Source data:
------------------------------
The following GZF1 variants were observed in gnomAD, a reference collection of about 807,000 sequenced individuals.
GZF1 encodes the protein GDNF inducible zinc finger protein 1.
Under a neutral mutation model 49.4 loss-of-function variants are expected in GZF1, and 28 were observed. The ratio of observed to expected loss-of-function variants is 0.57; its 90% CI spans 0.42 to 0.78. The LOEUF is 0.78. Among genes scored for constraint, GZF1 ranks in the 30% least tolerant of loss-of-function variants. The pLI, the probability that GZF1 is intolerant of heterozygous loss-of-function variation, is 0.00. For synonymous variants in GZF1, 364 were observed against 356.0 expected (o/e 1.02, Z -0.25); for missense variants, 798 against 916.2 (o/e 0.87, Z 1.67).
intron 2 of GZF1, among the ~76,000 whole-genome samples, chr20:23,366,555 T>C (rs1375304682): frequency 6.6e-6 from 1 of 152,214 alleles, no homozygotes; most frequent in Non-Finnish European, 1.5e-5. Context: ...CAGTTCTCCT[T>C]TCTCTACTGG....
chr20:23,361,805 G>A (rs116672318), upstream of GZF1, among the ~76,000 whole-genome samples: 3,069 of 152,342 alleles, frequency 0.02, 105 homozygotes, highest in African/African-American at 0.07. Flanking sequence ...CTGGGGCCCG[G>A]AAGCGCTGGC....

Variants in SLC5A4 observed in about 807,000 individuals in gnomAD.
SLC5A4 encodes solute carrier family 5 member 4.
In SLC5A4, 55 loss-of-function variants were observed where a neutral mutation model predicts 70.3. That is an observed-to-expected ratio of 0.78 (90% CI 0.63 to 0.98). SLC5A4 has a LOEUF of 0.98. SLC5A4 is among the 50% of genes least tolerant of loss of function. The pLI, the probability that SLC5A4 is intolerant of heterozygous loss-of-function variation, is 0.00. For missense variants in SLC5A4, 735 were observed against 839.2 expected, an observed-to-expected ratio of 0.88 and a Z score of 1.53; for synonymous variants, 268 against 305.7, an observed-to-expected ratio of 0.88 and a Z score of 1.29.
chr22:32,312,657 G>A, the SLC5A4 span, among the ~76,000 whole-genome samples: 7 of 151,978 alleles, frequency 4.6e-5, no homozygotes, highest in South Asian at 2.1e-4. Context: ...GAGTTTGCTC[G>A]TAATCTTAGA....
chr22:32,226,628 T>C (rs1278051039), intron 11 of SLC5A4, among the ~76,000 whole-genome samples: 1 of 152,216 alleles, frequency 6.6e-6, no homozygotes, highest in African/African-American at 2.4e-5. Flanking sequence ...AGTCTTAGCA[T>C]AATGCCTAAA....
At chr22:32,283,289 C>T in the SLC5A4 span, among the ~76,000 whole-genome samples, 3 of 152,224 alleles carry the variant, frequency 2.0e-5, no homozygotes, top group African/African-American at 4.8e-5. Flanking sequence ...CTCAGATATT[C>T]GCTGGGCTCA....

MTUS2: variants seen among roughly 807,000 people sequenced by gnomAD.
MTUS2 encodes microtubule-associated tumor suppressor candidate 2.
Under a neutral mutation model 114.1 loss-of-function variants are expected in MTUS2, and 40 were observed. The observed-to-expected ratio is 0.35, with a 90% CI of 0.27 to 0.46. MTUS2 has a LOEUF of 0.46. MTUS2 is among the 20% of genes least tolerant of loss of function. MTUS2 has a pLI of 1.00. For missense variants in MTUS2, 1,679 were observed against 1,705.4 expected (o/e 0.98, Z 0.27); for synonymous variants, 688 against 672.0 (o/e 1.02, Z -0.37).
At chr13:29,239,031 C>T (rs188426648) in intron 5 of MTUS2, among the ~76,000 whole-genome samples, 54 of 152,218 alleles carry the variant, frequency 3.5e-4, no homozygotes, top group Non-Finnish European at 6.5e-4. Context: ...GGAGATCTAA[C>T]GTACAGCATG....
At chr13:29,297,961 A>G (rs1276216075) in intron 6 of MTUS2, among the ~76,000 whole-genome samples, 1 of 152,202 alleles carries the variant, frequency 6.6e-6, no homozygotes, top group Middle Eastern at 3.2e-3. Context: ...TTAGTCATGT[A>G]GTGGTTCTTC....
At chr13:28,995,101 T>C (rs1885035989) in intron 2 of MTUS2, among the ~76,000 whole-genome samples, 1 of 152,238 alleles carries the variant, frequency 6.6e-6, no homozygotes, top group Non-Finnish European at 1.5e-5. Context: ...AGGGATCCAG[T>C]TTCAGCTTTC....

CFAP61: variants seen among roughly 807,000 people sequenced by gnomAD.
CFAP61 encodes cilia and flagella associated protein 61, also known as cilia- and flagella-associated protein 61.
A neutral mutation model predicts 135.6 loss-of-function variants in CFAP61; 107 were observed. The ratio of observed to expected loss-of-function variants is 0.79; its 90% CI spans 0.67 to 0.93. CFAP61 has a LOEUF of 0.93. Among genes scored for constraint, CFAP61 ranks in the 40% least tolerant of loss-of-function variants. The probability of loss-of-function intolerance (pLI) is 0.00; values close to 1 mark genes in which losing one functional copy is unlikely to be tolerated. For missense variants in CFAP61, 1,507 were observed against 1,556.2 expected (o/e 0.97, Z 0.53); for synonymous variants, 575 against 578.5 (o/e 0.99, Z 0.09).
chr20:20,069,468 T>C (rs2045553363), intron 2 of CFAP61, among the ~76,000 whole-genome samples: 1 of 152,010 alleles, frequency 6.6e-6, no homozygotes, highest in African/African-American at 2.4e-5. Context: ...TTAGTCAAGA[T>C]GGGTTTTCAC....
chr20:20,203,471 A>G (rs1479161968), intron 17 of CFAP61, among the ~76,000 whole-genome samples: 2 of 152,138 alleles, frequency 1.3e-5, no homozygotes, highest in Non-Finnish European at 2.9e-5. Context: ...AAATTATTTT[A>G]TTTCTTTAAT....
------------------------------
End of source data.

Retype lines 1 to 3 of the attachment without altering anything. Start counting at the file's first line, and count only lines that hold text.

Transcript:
The following GZF1 variants were observed in gnomAD, a reference collection of about 807,000 sequenced individuals.
GZF1 encodes the protein GDNF inducible zinc finger protein 1.
Under a neutral mutation model 49.4 loss-of-function variants are expected in GZF1, and 28 were observed. The ratio of observed to expected loss-of-function variants is 0.57; its 90% CI spans 0.42 to 0.78. The LOEUF is 0.78. Among genes scored for constraint, GZF1 ranks in the 30% least tolerant of loss-of-function variants. The pLI, the probability that GZF1 is intolerant of heterozygous loss-of-function variation, is 0.00. For synonymous variants in GZF1, 364 were observed against 356.0 expected (o/e 1.02, Z -0.25); for missense variants, 798 against 916.2 (o/e 0.87, Z 1.67).